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Artisan teaches students to sew sweetgrass baskets

Artisan teaches students to sew sweetgrass baskets
By     jessica      johnson

Thursday,June 26, 2008
“Who’s next?” Harriet Bailem Brown calls out to a line of children circled around
her.

A dozen children ages 7-12 stand around a table in the G.M. Darby Building
waiting for Brown, their sweetgrass basket instructor, to show them what to
do next.

It’s the fourth day of a five-day sweetgrass basketry camp, and some of the
baskets are almost finished.

Brown was much younger than most kids in the room when she first coiled
sweetgrass, stitching it together with palmetto strips. She learned to weave at
age 4, 68 years ago.

“It wasn’t a pleasure for me, it was a must,” Brown said.
Making the baskets has been Brown’s livelihood for almost as     long as she can
remember. She continued to sew baskets even while she worked as a fabric presser
in New York City, ironing clothes for Macy’s Department Store windows. She sent
her works back home to her mother, who sold them at a family basket stand on
Long Point Road.

She came back to the Lowcountry in 1968 and has been a teacher for almost as
long.

“Try not to snap a stitch,” Brown says to the children.

She shows students one at a time how to weave, and still keeps track of the
fidgeting kids behind her.

“I      know that was Jack,” she says, trying to get them to behave. A few
minutes later, the boys are restless again. Brown hears a soft thud, and then
laughter.

“Billy? What happened, Billy?” Brown says.

The boy answers, “Nothing,” then climbs back into his chair.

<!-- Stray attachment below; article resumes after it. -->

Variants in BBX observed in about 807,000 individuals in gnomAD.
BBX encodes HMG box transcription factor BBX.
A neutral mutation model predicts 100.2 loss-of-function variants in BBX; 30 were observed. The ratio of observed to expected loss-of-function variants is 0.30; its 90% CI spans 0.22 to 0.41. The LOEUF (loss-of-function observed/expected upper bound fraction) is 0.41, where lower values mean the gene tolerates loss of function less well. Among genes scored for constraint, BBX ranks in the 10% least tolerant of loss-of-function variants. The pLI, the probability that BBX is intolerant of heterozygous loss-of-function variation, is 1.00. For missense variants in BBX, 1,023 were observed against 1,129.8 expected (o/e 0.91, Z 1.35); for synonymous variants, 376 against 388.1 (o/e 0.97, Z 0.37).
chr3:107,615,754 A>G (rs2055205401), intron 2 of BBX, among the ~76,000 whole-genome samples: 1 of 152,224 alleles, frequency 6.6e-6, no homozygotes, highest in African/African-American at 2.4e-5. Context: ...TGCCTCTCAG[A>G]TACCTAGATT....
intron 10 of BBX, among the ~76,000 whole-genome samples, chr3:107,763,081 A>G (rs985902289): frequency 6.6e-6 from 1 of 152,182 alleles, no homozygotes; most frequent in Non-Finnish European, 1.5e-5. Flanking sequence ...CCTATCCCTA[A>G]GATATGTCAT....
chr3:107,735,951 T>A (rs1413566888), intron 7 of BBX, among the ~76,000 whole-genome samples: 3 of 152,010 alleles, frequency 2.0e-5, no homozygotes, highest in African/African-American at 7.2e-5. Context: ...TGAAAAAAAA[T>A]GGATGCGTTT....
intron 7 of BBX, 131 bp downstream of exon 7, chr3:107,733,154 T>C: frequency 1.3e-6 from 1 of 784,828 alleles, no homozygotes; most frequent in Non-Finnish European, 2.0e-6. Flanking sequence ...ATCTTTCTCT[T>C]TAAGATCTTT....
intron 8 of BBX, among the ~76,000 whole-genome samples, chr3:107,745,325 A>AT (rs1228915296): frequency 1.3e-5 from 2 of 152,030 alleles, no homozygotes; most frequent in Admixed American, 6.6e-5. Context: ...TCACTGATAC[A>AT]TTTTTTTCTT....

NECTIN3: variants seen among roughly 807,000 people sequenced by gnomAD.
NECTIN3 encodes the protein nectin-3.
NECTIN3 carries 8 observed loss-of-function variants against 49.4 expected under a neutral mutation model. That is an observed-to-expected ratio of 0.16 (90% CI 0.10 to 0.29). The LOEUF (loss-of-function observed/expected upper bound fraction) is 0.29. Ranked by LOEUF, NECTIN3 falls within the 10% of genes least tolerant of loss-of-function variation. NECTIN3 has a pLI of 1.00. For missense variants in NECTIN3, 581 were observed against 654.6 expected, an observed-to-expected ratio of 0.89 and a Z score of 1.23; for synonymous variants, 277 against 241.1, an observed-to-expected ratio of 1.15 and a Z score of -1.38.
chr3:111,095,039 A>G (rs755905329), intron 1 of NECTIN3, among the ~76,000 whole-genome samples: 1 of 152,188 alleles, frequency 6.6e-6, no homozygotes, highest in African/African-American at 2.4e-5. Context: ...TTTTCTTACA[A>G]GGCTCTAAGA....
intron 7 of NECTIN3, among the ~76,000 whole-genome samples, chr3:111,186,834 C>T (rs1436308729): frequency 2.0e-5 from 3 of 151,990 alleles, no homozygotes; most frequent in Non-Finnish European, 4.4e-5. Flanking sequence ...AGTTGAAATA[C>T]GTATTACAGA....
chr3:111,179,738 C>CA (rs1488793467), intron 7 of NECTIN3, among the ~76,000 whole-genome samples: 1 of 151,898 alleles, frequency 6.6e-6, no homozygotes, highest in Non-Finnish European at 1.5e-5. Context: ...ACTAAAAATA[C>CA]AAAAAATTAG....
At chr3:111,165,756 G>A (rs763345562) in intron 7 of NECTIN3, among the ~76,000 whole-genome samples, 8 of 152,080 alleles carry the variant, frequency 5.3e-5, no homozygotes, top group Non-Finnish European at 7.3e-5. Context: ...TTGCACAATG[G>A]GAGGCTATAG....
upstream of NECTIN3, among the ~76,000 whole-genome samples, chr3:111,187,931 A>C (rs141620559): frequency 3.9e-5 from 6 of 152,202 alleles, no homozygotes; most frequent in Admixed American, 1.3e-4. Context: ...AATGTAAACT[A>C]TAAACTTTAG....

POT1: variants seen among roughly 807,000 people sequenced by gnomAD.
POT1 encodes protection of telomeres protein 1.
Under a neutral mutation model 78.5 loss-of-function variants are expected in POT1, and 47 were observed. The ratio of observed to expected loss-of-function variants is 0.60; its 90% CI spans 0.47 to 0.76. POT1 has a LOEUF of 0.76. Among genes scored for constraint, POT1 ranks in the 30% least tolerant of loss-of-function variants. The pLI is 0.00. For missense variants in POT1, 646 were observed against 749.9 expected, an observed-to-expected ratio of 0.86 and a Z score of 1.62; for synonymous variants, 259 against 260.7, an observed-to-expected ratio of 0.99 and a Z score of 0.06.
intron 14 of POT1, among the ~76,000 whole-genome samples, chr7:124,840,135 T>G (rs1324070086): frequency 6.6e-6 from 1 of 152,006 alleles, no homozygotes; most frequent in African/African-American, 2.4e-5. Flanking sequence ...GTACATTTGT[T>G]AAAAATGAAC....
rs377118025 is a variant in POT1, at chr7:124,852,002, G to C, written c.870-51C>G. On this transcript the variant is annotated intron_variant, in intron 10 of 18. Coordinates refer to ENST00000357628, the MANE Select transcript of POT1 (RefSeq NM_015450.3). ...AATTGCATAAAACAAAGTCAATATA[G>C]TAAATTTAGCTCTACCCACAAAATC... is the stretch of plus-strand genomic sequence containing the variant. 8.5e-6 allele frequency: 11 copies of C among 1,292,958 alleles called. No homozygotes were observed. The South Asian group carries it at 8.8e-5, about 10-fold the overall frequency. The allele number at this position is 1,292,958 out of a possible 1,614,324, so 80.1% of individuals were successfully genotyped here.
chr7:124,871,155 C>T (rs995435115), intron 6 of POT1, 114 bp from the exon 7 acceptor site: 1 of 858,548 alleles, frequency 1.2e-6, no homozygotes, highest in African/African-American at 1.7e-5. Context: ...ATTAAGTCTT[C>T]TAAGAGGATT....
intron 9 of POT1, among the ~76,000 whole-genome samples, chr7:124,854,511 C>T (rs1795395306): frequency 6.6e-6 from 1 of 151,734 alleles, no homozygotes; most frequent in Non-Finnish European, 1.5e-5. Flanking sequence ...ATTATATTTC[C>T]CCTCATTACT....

“Oh, something happened, Billy,” she says.

She doesn’t look back but adds in new grass to a waiting student’s basket,
pushing it through pale palmetto loops and tightening the grass into place with
another palmetto strip.

Brown makes the baskets’ first coils, which she calls starters, for young students.

“The beginning is the hardest part,” Brown said.

The first knots are too complicated for a child to master in just five days.

At the end of each two-hour class, students take their basket homes to sew a few
more rows. Some days, they make a lot of headway, but not always.

“Some days,      you are just not always up to it,” said Rebecca Forry, 10, of
North Carolina, who was visiting her grandparents in Mount Pleasant.

Rebecca wanted to take the five-day class after she saw a basket hanging at
Charleston’s downtown Market.

“I thought they looked neat, and I wanted to make some,” Rebecca said.

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June 26, 2008 Posted by | Post & Courier | Leave a comment